Jonathan Davidson, Executive Director of Supervision – Retail and Authorisations, at the Financial Conduct Authority, spoke at the Credit Festival on November 3, when his speech was entitled ‘Acting flexibly and treating customers fairly in the face of a pandemic.’

Mr Davidson began by commenting that consumer credit was already a priority area for the FCA, and that the pandemic has only heightened that focus. He began by mentioning the loss of jobs and reductions in income many people have experienced, and how this could affect their ability to repay their debts. The opening section of the speech also emphasised that the health emergency could have far-reaching effects on the nation’s mental health, and that there is a proven link between mental health problems and debt issues. The FCA director mentioned research from the Money and Mental Health Policy Institute which suggested that 48% of people with mental health problems were unable to weigh up the advantages and disadvantages of a loan product.

Next, he listed three key outcomes the FCA wants to see:

Customers should have the time and advice they need to get a repayment plan that is suitable for their individual circumstances. They should not be pressured into agreeing to an inappropriate debt solution. If the customer makes a proposal for a repayment plan, the provider should respond appropriately. Where appropriate, borrowers should be referred to appropriate sources of free money guidance.

Repayment plans should be “reasonable and sustainable”. To be sustainable, a repayment arrangement needs to be affordable when taking into account other priority debts and essential living costs. Where appropriate, the FCA expects firms to freeze interest, fees and charges to prevent balances escalating. Where possible, firms should contact borrowers at an early stage, before they are in severe financial difficulty.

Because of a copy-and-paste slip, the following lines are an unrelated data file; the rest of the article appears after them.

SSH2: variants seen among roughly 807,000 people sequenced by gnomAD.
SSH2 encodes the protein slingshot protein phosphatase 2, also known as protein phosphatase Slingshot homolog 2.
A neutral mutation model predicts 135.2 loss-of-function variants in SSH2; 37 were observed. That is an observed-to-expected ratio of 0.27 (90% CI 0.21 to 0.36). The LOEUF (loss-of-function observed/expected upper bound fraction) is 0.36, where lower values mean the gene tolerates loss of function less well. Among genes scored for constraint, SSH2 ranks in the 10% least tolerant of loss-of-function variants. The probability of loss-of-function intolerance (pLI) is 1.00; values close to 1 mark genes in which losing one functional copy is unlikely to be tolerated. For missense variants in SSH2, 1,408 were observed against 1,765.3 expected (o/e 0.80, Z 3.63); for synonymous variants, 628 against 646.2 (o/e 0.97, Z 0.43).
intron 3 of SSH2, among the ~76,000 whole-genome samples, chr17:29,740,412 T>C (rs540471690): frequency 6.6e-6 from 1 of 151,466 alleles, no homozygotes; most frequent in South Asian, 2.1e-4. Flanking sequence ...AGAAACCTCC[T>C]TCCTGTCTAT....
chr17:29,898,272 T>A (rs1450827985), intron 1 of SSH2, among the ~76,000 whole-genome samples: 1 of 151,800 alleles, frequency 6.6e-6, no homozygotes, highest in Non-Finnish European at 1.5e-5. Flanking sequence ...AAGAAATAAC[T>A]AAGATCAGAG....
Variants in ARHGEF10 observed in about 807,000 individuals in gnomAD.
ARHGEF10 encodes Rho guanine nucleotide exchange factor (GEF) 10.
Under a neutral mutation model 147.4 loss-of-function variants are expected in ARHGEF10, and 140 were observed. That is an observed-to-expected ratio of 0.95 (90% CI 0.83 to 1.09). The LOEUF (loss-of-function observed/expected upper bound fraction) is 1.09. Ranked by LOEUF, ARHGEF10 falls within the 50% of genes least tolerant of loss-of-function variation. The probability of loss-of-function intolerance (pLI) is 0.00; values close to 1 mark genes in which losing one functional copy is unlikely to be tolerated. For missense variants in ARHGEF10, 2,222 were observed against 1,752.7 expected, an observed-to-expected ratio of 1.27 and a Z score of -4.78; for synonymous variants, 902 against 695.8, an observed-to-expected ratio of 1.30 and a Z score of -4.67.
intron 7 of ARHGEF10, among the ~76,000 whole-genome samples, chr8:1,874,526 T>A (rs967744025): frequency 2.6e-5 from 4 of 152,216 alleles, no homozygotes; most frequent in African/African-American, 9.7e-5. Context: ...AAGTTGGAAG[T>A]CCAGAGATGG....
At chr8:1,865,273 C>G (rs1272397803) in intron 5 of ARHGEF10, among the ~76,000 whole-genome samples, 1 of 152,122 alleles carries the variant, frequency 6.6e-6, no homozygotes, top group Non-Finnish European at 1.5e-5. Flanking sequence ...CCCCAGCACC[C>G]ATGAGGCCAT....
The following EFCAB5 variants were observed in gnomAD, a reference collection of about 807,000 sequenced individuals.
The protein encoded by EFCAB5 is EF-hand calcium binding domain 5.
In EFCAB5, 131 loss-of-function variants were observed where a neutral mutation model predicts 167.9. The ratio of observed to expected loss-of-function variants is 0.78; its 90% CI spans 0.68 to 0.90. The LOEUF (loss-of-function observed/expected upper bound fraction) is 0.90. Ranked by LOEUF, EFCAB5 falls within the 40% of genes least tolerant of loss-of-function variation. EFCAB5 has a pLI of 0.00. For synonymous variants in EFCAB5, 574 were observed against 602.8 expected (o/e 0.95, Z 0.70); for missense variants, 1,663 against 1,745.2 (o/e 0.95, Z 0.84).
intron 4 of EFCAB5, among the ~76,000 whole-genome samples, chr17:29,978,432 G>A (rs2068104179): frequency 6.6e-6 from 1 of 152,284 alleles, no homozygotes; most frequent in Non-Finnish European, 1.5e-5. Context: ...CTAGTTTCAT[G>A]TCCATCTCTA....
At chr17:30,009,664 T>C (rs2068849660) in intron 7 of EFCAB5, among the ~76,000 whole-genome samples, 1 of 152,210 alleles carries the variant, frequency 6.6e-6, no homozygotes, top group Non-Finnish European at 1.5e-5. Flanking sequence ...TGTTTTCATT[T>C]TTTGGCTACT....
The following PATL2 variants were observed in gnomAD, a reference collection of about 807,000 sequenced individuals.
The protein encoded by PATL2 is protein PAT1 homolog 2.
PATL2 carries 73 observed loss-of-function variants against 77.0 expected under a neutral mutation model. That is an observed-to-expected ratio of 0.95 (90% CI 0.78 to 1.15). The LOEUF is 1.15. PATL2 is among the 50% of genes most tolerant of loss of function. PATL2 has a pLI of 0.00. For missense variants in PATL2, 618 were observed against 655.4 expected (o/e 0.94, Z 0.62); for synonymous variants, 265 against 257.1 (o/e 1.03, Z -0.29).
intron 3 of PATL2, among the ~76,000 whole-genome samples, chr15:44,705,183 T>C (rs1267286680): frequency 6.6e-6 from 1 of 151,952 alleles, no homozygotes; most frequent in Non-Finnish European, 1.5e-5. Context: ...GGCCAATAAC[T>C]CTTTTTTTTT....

Firms should respond to the needs of their vulnerable customers and to the challenges faced by these customers.

Mr Davidson emphasised that, in order to genuinely achieve positive outcomes, the solutions provided by firms must be tailored to the needs and circumstances of each individual customer.

Summarising the supervision activity the regulator intends to carry out in the coming months, Mr Davidson said:

“Over the coming months, we are dedicating significant resources in our supervision to look at how firms have adapted to these challenges and the outcomes consumers receive. This will include considering how well firms have planned, resourced and trained their staff to ensure that borrowers get appropriate support and forbearance, when they need it. We will be looking for firms to be flexible and employ a full range of short and long-term forbearance options to support consumers and minimise avoidable difficulties and anxiety.”

“We want to work together to support consumers and ensure they get the best possible outcomes. Where we see firms trying to do the right thing, we intend to work with you to support the resolution of these issues. Nonetheless, if we do see significant issues, we will intervene.”

Mr Davidson said that the number of people displaying signs of vulnerability had risen by 1.5 million between February and July of this year, and that 23% of UK adults (12 million people) were now considered to have low financial resilience.

He then mentioned what the FCA considers to be the four main drivers of vulnerability:

  • Health – conditions or illnesses can affect a person’s ability to carry out day-to-day tasks
  • Life events – events such as bereavement, job loss or relationship breakdown can lead to, or increase, vulnerability
  • Resilience – vulnerable individuals may have a limited ability to withstand financial shocks
  • Capability – some vulnerable individuals may have a limited knowledge of financial matters, low confidence in managing money, or low levels of literacy or digital skills

Firms were also warned to ensure that staff who deal with collections and payment deferral requests were trained in how to deal with vulnerable customers.

The information shown in this article was correct at the time of publication. Articles are not routinely reviewed by Scott Robert and as such are not updated. Please be aware of the facts, circumstances or legal position may change after publication of the article.